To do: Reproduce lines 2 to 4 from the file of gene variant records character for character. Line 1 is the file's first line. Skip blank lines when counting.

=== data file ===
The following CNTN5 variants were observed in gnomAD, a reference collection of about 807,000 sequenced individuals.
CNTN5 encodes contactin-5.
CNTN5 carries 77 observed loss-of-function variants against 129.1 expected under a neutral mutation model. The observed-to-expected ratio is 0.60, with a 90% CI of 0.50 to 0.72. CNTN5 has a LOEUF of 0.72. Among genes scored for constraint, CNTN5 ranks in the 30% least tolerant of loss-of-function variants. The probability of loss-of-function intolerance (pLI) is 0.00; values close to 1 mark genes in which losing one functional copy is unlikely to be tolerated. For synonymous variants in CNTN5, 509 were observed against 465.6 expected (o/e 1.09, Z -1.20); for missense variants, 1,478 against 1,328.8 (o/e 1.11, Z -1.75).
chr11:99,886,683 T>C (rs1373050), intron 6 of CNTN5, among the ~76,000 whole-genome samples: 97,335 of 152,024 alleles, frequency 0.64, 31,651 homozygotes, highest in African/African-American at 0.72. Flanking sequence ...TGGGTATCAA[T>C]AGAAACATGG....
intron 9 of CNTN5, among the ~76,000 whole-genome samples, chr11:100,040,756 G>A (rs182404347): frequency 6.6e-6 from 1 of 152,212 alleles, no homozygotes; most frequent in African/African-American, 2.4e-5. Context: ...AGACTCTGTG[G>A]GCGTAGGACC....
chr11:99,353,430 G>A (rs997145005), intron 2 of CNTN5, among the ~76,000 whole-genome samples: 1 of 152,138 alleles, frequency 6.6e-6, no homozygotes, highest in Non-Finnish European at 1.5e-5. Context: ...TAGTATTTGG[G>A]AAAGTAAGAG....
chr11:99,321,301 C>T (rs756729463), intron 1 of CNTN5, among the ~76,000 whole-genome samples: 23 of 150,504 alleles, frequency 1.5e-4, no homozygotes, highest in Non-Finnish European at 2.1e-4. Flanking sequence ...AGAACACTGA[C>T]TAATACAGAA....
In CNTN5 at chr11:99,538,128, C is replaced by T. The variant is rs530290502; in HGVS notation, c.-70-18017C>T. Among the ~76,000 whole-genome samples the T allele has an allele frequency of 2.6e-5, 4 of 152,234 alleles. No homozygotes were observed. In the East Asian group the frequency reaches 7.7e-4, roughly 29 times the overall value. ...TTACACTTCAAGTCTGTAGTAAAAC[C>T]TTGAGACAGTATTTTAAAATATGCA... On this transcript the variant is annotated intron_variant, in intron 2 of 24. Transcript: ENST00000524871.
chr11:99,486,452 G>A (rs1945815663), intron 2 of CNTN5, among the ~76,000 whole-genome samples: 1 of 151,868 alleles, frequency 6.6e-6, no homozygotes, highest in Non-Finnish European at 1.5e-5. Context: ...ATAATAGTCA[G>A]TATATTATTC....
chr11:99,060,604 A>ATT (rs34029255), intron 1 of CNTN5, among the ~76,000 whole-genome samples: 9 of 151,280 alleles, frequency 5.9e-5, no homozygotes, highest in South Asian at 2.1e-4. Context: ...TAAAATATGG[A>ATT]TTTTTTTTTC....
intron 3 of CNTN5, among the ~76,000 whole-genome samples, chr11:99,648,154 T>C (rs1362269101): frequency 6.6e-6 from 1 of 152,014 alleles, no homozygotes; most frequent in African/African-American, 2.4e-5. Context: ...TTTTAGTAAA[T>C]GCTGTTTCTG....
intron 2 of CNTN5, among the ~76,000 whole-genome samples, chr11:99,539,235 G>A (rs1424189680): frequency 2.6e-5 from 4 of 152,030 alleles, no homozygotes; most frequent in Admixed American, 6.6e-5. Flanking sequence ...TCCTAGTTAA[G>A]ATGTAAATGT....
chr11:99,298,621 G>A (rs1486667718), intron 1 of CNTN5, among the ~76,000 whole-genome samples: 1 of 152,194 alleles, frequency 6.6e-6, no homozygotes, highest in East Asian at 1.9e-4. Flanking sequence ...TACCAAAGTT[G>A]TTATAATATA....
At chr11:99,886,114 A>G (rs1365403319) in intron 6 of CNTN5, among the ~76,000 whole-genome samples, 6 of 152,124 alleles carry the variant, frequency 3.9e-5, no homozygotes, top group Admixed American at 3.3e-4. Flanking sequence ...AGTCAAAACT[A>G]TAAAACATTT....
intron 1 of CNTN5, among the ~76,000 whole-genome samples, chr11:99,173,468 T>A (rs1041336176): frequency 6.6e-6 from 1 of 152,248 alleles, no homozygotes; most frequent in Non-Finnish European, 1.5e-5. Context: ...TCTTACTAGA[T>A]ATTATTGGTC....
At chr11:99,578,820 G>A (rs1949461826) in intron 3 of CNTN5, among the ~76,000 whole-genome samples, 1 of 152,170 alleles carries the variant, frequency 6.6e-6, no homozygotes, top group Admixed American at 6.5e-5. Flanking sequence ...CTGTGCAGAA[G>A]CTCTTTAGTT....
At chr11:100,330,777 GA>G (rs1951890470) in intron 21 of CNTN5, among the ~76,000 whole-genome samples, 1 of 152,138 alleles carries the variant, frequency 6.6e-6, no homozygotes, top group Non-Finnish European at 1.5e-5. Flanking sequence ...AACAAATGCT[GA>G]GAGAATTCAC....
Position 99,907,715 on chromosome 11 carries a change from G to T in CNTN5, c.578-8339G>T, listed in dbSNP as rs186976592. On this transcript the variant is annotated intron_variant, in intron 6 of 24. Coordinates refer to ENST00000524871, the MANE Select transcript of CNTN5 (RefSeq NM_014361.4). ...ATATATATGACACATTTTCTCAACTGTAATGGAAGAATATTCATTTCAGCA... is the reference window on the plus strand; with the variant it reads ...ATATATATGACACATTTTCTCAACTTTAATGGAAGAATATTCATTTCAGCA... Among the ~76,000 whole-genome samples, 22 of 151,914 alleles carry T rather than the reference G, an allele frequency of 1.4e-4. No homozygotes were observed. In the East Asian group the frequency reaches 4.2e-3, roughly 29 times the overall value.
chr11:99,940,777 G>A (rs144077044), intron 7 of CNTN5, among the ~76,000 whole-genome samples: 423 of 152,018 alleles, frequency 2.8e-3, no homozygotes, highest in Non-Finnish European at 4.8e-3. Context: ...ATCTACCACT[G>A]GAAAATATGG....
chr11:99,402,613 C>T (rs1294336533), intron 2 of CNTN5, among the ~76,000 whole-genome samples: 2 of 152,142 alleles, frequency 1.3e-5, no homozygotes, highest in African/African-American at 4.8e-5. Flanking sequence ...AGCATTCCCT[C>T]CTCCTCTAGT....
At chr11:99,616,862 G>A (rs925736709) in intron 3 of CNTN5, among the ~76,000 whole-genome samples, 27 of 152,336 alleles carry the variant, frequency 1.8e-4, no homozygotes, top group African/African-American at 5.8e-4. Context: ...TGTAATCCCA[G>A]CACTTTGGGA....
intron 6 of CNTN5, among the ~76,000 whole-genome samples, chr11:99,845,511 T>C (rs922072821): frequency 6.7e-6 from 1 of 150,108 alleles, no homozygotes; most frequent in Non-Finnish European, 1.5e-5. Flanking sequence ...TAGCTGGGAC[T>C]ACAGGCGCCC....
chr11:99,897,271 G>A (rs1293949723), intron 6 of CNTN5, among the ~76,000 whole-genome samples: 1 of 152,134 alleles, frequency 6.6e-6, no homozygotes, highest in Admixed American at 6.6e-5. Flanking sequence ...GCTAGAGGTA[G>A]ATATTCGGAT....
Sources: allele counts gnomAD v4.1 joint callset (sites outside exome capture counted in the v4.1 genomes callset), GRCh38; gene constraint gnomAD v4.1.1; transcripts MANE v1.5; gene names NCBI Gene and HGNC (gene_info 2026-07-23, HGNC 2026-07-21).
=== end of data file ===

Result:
CNTN5 encodes contactin-5.
CNTN5 carries 77 observed loss-of-function variants against 129.1 expected under a neutral mutation model. The observed-to-expected ratio is 0.60, with a 90% CI of 0.50 to 0.72. CNTN5 has a LOEUF of 0.72. Among genes scored for constraint, CNTN5 ranks in the 30% least tolerant of loss-of-function variants. The probability of loss-of-function intolerance (pLI) is 0.00; values close to 1 mark genes in which losing one functional copy is unlikely to be tolerated. For synonymous variants in CNTN5, 509 were observed against 465.6 expected (o/e 1.09, Z -1.20); for missense variants, 1,478 against 1,328.8 (o/e 1.11, Z -1.75).
chr11:99,886,683 T>C (rs1373050), intron 6 of CNTN5, among the ~76,000 whole-genome samples: 97,335 of 152,024 alleles, frequency 0.64, 31,651 homozygotes, highest in African/African-American at 0.72. Flanking sequence ...TGGGTATCAA[T>C]AGAAACATGG....